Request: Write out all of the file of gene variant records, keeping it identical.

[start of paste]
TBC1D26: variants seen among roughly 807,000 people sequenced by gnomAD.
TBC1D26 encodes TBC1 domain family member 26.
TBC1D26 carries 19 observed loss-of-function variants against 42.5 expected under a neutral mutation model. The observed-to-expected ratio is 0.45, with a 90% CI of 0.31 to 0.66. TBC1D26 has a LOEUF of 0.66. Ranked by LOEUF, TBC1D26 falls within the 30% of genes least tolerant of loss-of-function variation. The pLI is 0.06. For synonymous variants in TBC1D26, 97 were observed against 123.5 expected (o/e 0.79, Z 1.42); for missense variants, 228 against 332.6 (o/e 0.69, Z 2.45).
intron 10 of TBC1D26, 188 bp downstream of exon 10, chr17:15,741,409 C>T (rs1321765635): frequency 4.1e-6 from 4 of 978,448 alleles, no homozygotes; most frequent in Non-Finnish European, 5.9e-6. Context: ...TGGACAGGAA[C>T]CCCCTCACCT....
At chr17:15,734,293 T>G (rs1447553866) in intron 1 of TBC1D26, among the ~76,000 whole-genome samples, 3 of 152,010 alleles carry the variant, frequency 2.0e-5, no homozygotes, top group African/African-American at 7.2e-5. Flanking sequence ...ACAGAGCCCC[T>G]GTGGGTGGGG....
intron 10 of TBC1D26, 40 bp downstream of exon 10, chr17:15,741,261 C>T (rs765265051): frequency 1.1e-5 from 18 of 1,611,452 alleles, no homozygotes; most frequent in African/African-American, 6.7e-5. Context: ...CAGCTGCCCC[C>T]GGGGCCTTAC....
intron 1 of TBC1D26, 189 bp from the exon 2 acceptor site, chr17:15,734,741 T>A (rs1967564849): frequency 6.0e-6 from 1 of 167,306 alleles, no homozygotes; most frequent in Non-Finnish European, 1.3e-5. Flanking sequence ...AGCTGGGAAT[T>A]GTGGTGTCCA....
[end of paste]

TBC1D26: variants seen among roughly 807,000 people sequenced by gnomAD.
TBC1D26 encodes TBC1 domain family member 26.
TBC1D26 carries 19 observed loss-of-function variants against 42.5 expected under a neutral mutation model. The observed-to-expected ratio is 0.45, with a 90% CI of 0.31 to 0.66. TBC1D26 has a LOEUF of 0.66. Ranked by LOEUF, TBC1D26 falls within the 30% of genes least tolerant of loss-of-function variation. The pLI is 0.06. For synonymous variants in TBC1D26, 97 were observed against 123.5 expected (o/e 0.79, Z 1.42); for missense variants, 228 against 332.6 (o/e 0.69, Z 2.45).
intron 10 of TBC1D26, 188 bp downstream of exon 10, chr17:15,741,409 C>T (rs1321765635): frequency 4.1e-6 from 4 of 978,448 alleles, no homozygotes; most frequent in Non-Finnish European, 5.9e-6. Context: ...TGGACAGGAA[C>T]CCCCTCACCT....
At chr17:15,734,293 T>G (rs1447553866) in intron 1 of TBC1D26, among the ~76,000 whole-genome samples, 3 of 152,010 alleles carry the variant, frequency 2.0e-5, no homozygotes, top group African/African-American at 7.2e-5. Flanking sequence ...ACAGAGCCCC[T>G]GTGGGTGGGG....
intron 10 of TBC1D26, 40 bp downstream of exon 10, chr17:15,741,261 C>T (rs765265051): frequency 1.1e-5 from 18 of 1,611,452 alleles, no homozygotes; most frequent in African/African-American, 6.7e-5. Context: ...CAGCTGCCCC[C>T]GGGGCCTTAC....
intron 1 of TBC1D26, 189 bp from the exon 2 acceptor site, chr17:15,734,741 T>A (rs1967564849): frequency 6.0e-6 from 1 of 167,306 alleles, no homozygotes; most frequent in Non-Finnish European, 1.3e-5. Flanking sequence ...AGCTGGGAAT[T>A]GTGGTGTCCA....